Featured article

two bronze monuments in the pavement

Stumbling Blocks – Remembering Debora Hedeman and Bertha Zilversmit

Last month, twenty bronze monuments were installed in my home town of Oldenzaal. They are Stolpersteine, “stumbling blocks,” about 10×10 cm (4×4″) large bronze stones inscribed with the name of a Jewish resident who was murdered during the Holocaust. They are placed in the pavement in front of the house where they last lived. These Stolpersteine Continue reading →

Featured article

open wooden chest with letters

Signed, Sealed, & Undelivered: Amazing Collection of 17th Century Letters Rediscovered

The Museum voor Communicatie discovered an amazing treasure in their vaults: a box that belonged to a postmaster in the 17th century, filled with 2600 undelivered letters, 600 of which have never been opened. The letters came to The Hague from France, the Southern Netherlands and Spain. Dr David van der Linden, from the University of Groningen, Continue reading →

Map of Friesland and Groningen

Dutch Genealogy Webinar – Questions about Locations

This is my fourth and final post answering the questions asked by viewers of “Researching Your Dutch Ancestors” webinar. In this post, I will answer questions about locations. Are Holland and the Netherlands the same country? Holland is an alternative name used  for the Netherlands, but the official name is The Netherlands. View this video for an Continue reading →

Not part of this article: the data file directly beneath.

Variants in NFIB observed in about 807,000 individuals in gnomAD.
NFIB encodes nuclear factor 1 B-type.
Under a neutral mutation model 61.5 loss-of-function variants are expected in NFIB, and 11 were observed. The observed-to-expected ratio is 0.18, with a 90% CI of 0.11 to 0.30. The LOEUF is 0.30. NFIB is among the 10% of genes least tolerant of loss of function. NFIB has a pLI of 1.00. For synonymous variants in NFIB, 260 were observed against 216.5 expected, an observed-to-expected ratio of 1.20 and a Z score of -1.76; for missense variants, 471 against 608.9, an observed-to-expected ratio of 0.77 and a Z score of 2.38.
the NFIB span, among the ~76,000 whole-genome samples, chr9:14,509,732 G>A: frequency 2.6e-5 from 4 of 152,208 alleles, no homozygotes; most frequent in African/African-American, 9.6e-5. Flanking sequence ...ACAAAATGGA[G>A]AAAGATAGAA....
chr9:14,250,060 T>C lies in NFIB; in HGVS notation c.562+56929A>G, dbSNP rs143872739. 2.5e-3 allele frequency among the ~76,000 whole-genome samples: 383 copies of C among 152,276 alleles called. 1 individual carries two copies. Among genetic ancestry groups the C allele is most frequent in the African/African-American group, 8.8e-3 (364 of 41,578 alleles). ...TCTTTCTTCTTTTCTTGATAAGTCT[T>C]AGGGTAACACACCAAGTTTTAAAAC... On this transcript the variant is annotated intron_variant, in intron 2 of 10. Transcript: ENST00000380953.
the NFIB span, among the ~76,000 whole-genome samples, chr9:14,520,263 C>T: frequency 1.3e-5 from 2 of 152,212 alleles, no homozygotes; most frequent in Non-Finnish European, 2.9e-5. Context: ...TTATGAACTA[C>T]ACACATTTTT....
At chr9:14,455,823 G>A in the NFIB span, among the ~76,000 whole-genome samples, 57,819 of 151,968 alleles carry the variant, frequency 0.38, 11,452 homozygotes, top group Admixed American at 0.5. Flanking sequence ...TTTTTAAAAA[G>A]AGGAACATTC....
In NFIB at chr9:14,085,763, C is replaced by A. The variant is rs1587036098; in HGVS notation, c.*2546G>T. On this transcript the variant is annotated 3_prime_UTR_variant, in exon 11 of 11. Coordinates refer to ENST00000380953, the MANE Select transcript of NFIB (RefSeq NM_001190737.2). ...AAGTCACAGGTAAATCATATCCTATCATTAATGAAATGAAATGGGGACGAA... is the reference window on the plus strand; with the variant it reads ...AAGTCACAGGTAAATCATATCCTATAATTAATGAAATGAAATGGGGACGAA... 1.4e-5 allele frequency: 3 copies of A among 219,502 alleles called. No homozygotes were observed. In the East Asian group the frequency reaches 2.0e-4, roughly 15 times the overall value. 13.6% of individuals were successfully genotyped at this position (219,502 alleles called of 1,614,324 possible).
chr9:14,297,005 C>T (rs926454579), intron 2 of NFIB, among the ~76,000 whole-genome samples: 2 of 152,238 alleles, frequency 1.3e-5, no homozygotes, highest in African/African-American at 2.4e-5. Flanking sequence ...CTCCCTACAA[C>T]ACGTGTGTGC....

Featured article

Cemetery with a church in the background

A (Reverse) Witch Trial in Winterswijk

In the late medieval period, many unexplained phenomena were attributed to witchcraft. If a healthy child suddenly became ill or a cow would not give milk, the influence of witches was often suspected. Many people were persecuted and burned at the stake, particularly in the Southern Netherlands (current-day Belgium). By the 1600s, the hunt quieted Continue reading →

Massacre of Naarden

Five ways the Eighty Years’ War affected our ancestors

The Dutch war of Independence, commonly known as the Eighty Years’ War or the Revolt, took place from 1568 to 1648. By the mid 1500s, the provinces that would form the Netherlands were part of the Habsburg empire, ruled by king Philip II of Spain. He was a staunch Catholic, while in many places in the Netherlands Continue reading →

Tip of the week

White palace

Quick tip – Share Your Family Stories

Two weeks ago, I shared a story on this site’s Facebook page. Here’s what I wrote: My grandfather lived in one of the wings of this castle when he served on the staff of Prince Bernhard during the last months of World War II. Apeldoorn was liberated at the end of 1944 and became the Continue reading →

Term of the week

Fragment of the stamreeks of the house of Orange

Dutch Term – Stamreeks

A stamreeks is a pedigree that follows just one line of ancestors, usually the male line. In most cases, this will trace the last name. Other variations trace the female line only, or follow the last name even if it is descended from a woman (in the case of an illegitimate child or farm name). Continue reading →